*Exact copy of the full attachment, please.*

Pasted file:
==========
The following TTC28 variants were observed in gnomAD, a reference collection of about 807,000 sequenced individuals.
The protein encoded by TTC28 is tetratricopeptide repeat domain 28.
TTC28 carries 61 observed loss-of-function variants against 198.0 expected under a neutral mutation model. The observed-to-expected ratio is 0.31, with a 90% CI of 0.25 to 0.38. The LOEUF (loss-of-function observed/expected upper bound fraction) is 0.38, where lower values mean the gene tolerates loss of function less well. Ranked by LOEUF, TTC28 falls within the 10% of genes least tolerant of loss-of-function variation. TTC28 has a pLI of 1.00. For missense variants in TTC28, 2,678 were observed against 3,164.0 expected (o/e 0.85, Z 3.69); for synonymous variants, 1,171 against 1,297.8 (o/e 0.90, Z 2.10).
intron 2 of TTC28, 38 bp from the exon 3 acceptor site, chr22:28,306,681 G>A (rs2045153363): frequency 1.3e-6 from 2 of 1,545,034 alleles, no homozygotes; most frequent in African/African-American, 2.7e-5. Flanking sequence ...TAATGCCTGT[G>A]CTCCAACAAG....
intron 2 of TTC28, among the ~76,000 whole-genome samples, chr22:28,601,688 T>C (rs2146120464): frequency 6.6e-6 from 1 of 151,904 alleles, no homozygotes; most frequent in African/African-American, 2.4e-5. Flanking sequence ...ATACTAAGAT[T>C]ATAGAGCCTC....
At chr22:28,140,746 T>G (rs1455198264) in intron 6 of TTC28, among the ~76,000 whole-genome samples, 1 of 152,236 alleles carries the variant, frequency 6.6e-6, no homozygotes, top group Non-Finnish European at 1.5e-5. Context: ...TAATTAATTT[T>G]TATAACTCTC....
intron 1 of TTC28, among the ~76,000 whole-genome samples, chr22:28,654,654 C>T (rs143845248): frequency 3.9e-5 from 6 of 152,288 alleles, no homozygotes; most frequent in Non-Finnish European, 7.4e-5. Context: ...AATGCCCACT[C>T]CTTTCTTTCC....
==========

The following TTC28 variants were observed in gnomAD, a reference collection of about 807,000 sequenced individuals.
The protein encoded by TTC28 is tetratricopeptide repeat domain 28.
TTC28 carries 61 observed loss-of-function variants against 198.0 expected under a neutral mutation model. The observed-to-expected ratio is 0.31, with a 90% CI of 0.25 to 0.38. The LOEUF (loss-of-function observed/expected upper bound fraction) is 0.38, where lower values mean the gene tolerates loss of function less well. Ranked by LOEUF, TTC28 falls within the 10% of genes least tolerant of loss-of-function variation. TTC28 has a pLI of 1.00. For missense variants in TTC28, 2,678 were observed against 3,164.0 expected (o/e 0.85, Z 3.69); for synonymous variants, 1,171 against 1,297.8 (o/e 0.90, Z 2.10).
intron 2 of TTC28, 38 bp from the exon 3 acceptor site, chr22:28,306,681 G>A (rs2045153363): frequency 1.3e-6 from 2 of 1,545,034 alleles, no homozygotes; most frequent in African/African-American, 2.7e-5. Flanking sequence ...TAATGCCTGT[G>A]CTCCAACAAG....
intron 2 of TTC28, among the ~76,000 whole-genome samples, chr22:28,601,688 T>C (rs2146120464): frequency 6.6e-6 from 1 of 151,904 alleles, no homozygotes; most frequent in African/African-American, 2.4e-5. Flanking sequence ...ATACTAAGAT[T>C]ATAGAGCCTC....
At chr22:28,140,746 T>G (rs1455198264) in intron 6 of TTC28, among the ~76,000 whole-genome samples, 1 of 152,236 alleles carries the variant, frequency 6.6e-6, no homozygotes, top group Non-Finnish European at 1.5e-5. Context: ...TAATTAATTT[T>G]TATAACTCTC....
intron 1 of TTC28, among the ~76,000 whole-genome samples, chr22:28,654,654 C>T (rs143845248): frequency 3.9e-5 from 6 of 152,288 alleles, no homozygotes; most frequent in Non-Finnish European, 7.4e-5. Context: ...AATGCCCACT[C>T]CTTTCTTTCC....